Recently the San Diego County Chiropractic Society hosted a one-day seminar featuring world-renowned Drs. Scott Haldeman, D.C., M.D., Ph.D., F.R.C.P.(C), Phillip Stavish, D.C., M.D., and Michael Turner, D.C., M.D.Both Drs. Stavish and Turner are board certified -- Dr. Stavish in family practice and Dr. Turner in internal medicine.
Dr. Haldeman discussed at some length the Rand Corporation standards of care study now under way that will, to a large extent, determine how each of us will practice in the not-too-distant future. He predicted varying degrees of "chiropractic culture shock" which will probably be experienced especially by older and very "straight" practitioners when these standards of care are published and adhered to by the legal profession, insurance carriers, etc.
Dr. Haldeman spoke clinically about the importance of the neurologic examination, including pain referral patterns, and the need for chiropractors to gain and maintain an accurate knowledge of neuroanatomy. The need and criteria for further diagnostic testing of patients was also discussed, particularly in the area of which tests are needed and in what sequence. Very basically, if there is sufficient clinical demonstration of need for a test and if that test will change the treatment regimen of that patient, then it is warranted.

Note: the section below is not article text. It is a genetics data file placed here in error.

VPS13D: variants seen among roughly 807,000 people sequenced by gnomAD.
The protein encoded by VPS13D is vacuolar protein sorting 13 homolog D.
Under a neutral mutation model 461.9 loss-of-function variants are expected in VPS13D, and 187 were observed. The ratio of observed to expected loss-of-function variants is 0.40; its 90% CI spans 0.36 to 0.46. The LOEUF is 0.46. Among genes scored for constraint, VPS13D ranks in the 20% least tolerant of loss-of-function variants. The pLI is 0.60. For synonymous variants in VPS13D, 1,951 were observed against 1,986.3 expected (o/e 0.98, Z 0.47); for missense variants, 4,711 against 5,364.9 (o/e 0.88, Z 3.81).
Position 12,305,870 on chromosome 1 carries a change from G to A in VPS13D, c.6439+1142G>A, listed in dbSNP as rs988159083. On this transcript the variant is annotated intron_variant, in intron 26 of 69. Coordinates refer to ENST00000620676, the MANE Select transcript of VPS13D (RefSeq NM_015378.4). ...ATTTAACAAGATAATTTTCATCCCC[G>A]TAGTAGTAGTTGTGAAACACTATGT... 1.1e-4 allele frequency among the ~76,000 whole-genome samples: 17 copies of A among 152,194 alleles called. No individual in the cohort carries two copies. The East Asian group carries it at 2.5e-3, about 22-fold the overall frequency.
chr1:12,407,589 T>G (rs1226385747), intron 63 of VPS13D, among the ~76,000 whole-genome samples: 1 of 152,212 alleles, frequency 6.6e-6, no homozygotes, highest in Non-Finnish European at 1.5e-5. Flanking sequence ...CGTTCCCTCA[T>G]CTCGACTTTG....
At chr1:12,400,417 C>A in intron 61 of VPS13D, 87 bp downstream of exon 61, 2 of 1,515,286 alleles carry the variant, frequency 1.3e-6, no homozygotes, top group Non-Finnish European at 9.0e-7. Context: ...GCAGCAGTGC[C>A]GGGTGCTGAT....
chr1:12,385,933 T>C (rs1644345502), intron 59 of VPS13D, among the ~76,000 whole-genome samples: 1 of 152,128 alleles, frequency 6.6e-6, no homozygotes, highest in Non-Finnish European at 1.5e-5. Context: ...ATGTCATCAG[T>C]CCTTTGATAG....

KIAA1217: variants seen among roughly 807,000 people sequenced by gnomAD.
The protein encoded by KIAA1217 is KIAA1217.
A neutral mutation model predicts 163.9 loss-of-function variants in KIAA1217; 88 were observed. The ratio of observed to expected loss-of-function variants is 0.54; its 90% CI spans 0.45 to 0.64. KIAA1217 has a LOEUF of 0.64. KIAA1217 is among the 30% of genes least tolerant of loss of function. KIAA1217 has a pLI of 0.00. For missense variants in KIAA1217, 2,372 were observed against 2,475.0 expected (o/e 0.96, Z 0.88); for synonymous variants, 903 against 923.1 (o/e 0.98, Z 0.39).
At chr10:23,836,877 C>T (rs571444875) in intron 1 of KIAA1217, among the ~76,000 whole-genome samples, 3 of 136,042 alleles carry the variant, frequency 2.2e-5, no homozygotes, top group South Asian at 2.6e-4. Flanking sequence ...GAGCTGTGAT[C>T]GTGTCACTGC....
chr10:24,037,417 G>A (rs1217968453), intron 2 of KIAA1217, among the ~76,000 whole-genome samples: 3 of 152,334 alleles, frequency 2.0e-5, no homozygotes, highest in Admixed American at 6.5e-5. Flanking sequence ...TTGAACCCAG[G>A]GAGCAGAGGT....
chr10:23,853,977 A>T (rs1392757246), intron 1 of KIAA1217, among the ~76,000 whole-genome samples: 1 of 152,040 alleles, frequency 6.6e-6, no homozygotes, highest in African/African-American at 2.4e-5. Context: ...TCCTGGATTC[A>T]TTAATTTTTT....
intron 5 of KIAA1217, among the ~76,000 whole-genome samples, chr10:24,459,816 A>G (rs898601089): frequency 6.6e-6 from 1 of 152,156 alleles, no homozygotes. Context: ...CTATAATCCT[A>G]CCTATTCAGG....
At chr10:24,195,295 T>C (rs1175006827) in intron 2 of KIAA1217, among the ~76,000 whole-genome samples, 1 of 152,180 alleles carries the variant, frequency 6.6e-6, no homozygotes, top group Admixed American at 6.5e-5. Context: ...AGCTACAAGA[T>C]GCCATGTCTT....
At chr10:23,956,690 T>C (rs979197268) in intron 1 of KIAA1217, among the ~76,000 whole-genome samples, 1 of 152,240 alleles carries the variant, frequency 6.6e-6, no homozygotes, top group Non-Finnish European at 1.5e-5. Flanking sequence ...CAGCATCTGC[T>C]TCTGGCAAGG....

Drs. Stavis and Turner went on to elaborate on many of the systemic conditions that chiropractors should be very aware of and for which they should be conservatively treating their patients. These conditions included and stressed the conservative treatment of patients with signs of coronary heart disease and also those patients with cholesterol problems.
The day was extremely enlightening for all those in attendance with ample time for questions and answers from all three speakers.
The San Diego County Chiropractic Society has always attempted to bridge the ever-narrowing gap between the medical and chiropractic professions, and in hosting events like this one with this caliber of multidisciplined speakers, we feel that we continue to dispel many of the misconceptions that still exist between the two professions.